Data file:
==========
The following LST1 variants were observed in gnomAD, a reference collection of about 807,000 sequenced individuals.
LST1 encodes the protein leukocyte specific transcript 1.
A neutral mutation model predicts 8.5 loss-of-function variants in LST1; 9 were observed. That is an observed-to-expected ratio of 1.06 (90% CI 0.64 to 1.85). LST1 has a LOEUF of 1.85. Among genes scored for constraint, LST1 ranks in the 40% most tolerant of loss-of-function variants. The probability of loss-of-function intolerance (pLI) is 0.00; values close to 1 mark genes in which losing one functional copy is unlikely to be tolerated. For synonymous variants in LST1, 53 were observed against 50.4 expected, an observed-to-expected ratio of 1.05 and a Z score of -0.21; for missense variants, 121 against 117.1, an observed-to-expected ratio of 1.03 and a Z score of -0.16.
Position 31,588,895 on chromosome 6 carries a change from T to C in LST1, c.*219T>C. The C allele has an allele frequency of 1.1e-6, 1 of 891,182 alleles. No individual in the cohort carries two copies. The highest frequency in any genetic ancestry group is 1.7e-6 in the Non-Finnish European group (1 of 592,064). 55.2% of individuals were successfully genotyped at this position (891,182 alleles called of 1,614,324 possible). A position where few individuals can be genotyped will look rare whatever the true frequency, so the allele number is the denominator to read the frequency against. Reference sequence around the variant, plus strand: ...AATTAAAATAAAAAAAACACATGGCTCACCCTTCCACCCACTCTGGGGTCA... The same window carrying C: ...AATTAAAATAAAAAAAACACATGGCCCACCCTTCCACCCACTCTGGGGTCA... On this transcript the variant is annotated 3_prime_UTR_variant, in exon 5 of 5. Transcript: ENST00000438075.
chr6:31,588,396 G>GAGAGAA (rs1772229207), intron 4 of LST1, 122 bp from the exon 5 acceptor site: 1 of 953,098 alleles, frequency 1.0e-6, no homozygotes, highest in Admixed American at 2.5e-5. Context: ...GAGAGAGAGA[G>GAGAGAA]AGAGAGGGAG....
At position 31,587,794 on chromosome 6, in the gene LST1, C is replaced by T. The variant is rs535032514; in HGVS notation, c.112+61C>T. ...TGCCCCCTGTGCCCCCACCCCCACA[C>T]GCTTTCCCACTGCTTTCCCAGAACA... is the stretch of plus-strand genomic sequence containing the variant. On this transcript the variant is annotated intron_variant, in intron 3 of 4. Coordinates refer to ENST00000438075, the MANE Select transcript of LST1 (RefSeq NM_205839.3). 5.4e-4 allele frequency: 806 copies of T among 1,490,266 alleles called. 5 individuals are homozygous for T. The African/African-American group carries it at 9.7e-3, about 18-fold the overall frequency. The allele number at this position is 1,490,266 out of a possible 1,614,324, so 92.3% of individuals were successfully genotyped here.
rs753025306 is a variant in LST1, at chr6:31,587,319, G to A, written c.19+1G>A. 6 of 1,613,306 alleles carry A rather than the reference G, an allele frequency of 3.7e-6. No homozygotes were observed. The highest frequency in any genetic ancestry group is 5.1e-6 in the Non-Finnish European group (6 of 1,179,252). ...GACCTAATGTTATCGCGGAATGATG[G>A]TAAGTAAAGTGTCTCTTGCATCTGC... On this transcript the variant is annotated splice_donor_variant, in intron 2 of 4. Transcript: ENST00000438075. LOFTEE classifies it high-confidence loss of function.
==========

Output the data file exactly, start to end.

The following LST1 variants were observed in gnomAD, a reference collection of about 807,000 sequenced individuals.
LST1 encodes the protein leukocyte specific transcript 1.
A neutral mutation model predicts 8.5 loss-of-function variants in LST1; 9 were observed. That is an observed-to-expected ratio of 1.06 (90% CI 0.64 to 1.85). LST1 has a LOEUF of 1.85. Among genes scored for constraint, LST1 ranks in the 40% most tolerant of loss-of-function variants. The probability of loss-of-function intolerance (pLI) is 0.00; values close to 1 mark genes in which losing one functional copy is unlikely to be tolerated. For synonymous variants in LST1, 53 were observed against 50.4 expected, an observed-to-expected ratio of 1.05 and a Z score of -0.21; for missense variants, 121 against 117.1, an observed-to-expected ratio of 1.03 and a Z score of -0.16.
Position 31,588,895 on chromosome 6 carries a change from T to C in LST1, c.*219T>C. The C allele has an allele frequency of 1.1e-6, 1 of 891,182 alleles. No individual in the cohort carries two copies. The highest frequency in any genetic ancestry group is 1.7e-6 in the Non-Finnish European group (1 of 592,064). 55.2% of individuals were successfully genotyped at this position (891,182 alleles called of 1,614,324 possible). A position where few individuals can be genotyped will look rare whatever the true frequency, so the allele number is the denominator to read the frequency against. Reference sequence around the variant, plus strand: ...AATTAAAATAAAAAAAACACATGGCTCACCCTTCCACCCACTCTGGGGTCA... The same window carrying C: ...AATTAAAATAAAAAAAACACATGGCCCACCCTTCCACCCACTCTGGGGTCA... On this transcript the variant is annotated 3_prime_UTR_variant, in exon 5 of 5. Transcript: ENST00000438075.
chr6:31,588,396 G>GAGAGAA (rs1772229207), intron 4 of LST1, 122 bp from the exon 5 acceptor site: 1 of 953,098 alleles, frequency 1.0e-6, no homozygotes, highest in Admixed American at 2.5e-5. Context: ...GAGAGAGAGA[G>GAGAGAA]AGAGAGGGAG....
At position 31,587,794 on chromosome 6, in the gene LST1, C is replaced by T. The variant is rs535032514; in HGVS notation, c.112+61C>T. ...TGCCCCCTGTGCCCCCACCCCCACA[C>T]GCTTTCCCACTGCTTTCCCAGAACA... is the stretch of plus-strand genomic sequence containing the variant. On this transcript the variant is annotated intron_variant, in intron 3 of 4. Coordinates refer to ENST00000438075, the MANE Select transcript of LST1 (RefSeq NM_205839.3). 5.4e-4 allele frequency: 806 copies of T among 1,490,266 alleles called. 5 individuals are homozygous for T. The African/African-American group carries it at 9.7e-3, about 18-fold the overall frequency. The allele number at this position is 1,490,266 out of a possible 1,614,324, so 92.3% of individuals were successfully genotyped here.
rs753025306 is a variant in LST1, at chr6:31,587,319, G to A, written c.19+1G>A. 6 of 1,613,306 alleles carry A rather than the reference G, an allele frequency of 3.7e-6. No homozygotes were observed. The highest frequency in any genetic ancestry group is 5.1e-6 in the Non-Finnish European group (6 of 1,179,252). ...GACCTAATGTTATCGCGGAATGATG[G>A]TAAGTAAAGTGTCTCTTGCATCTGC... On this transcript the variant is annotated splice_donor_variant, in intron 2 of 4. Transcript: ENST00000438075. LOFTEE classifies it high-confidence loss of function.